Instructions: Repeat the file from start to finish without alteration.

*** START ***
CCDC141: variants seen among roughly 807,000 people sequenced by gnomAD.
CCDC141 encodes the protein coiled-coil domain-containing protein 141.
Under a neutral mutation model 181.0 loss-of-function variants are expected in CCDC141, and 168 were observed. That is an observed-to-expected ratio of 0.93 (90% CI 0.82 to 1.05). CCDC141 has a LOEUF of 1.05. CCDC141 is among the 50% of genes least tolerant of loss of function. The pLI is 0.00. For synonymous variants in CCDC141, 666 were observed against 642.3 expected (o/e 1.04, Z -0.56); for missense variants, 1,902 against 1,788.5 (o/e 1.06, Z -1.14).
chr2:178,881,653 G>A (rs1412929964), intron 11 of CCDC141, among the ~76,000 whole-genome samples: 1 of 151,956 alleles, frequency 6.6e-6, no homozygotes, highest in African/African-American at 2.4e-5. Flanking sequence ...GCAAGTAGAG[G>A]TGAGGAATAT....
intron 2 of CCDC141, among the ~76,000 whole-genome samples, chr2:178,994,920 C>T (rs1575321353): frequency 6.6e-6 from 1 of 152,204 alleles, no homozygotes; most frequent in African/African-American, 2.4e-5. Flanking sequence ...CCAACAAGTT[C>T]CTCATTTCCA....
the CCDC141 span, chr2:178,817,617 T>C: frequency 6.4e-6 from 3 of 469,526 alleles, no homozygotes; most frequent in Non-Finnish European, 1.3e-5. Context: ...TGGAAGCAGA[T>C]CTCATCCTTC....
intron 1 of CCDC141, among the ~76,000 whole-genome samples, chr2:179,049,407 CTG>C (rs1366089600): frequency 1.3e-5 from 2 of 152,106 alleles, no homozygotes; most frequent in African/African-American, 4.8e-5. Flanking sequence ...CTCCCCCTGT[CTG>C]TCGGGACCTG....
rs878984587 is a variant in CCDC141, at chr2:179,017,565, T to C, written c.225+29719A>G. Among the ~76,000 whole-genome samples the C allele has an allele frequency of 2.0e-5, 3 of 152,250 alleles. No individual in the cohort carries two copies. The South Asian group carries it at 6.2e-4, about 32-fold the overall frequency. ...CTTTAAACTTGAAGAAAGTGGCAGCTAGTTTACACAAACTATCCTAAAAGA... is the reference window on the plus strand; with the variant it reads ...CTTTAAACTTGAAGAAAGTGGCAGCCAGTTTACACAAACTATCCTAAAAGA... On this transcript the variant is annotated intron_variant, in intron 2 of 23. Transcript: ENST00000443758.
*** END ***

CCDC141: variants seen among roughly 807,000 people sequenced by gnomAD.
CCDC141 encodes the protein coiled-coil domain-containing protein 141.
Under a neutral mutation model 181.0 loss-of-function variants are expected in CCDC141, and 168 were observed. That is an observed-to-expected ratio of 0.93 (90% CI 0.82 to 1.05). CCDC141 has a LOEUF of 1.05. CCDC141 is among the 50% of genes least tolerant of loss of function. The pLI is 0.00. For synonymous variants in CCDC141, 666 were observed against 642.3 expected (o/e 1.04, Z -0.56); for missense variants, 1,902 against 1,788.5 (o/e 1.06, Z -1.14).
chr2:178,881,653 G>A (rs1412929964), intron 11 of CCDC141, among the ~76,000 whole-genome samples: 1 of 151,956 alleles, frequency 6.6e-6, no homozygotes, highest in African/African-American at 2.4e-5. Flanking sequence ...GCAAGTAGAG[G>A]TGAGGAATAT....
intron 2 of CCDC141, among the ~76,000 whole-genome samples, chr2:178,994,920 C>T (rs1575321353): frequency 6.6e-6 from 1 of 152,204 alleles, no homozygotes; most frequent in African/African-American, 2.4e-5. Flanking sequence ...CCAACAAGTT[C>T]CTCATTTCCA....
the CCDC141 span, chr2:178,817,617 T>C: frequency 6.4e-6 from 3 of 469,526 alleles, no homozygotes; most frequent in Non-Finnish European, 1.3e-5. Context: ...TGGAAGCAGA[T>C]CTCATCCTTC....
intron 1 of CCDC141, among the ~76,000 whole-genome samples, chr2:179,049,407 CTG>C (rs1366089600): frequency 1.3e-5 from 2 of 152,106 alleles, no homozygotes; most frequent in African/African-American, 4.8e-5. Flanking sequence ...CTCCCCCTGT[CTG>C]TCGGGACCTG....
rs878984587 is a variant in CCDC141, at chr2:179,017,565, T to C, written c.225+29719A>G. Among the ~76,000 whole-genome samples the C allele has an allele frequency of 2.0e-5, 3 of 152,250 alleles. No individual in the cohort carries two copies. The South Asian group carries it at 6.2e-4, about 32-fold the overall frequency. ...CTTTAAACTTGAAGAAAGTGGCAGCTAGTTTACACAAACTATCCTAAAAGA... is the reference window on the plus strand; with the variant it reads ...CTTTAAACTTGAAGAAAGTGGCAGCCAGTTTACACAAACTATCCTAAAAGA... On this transcript the variant is annotated intron_variant, in intron 2 of 23. Transcript: ENST00000443758.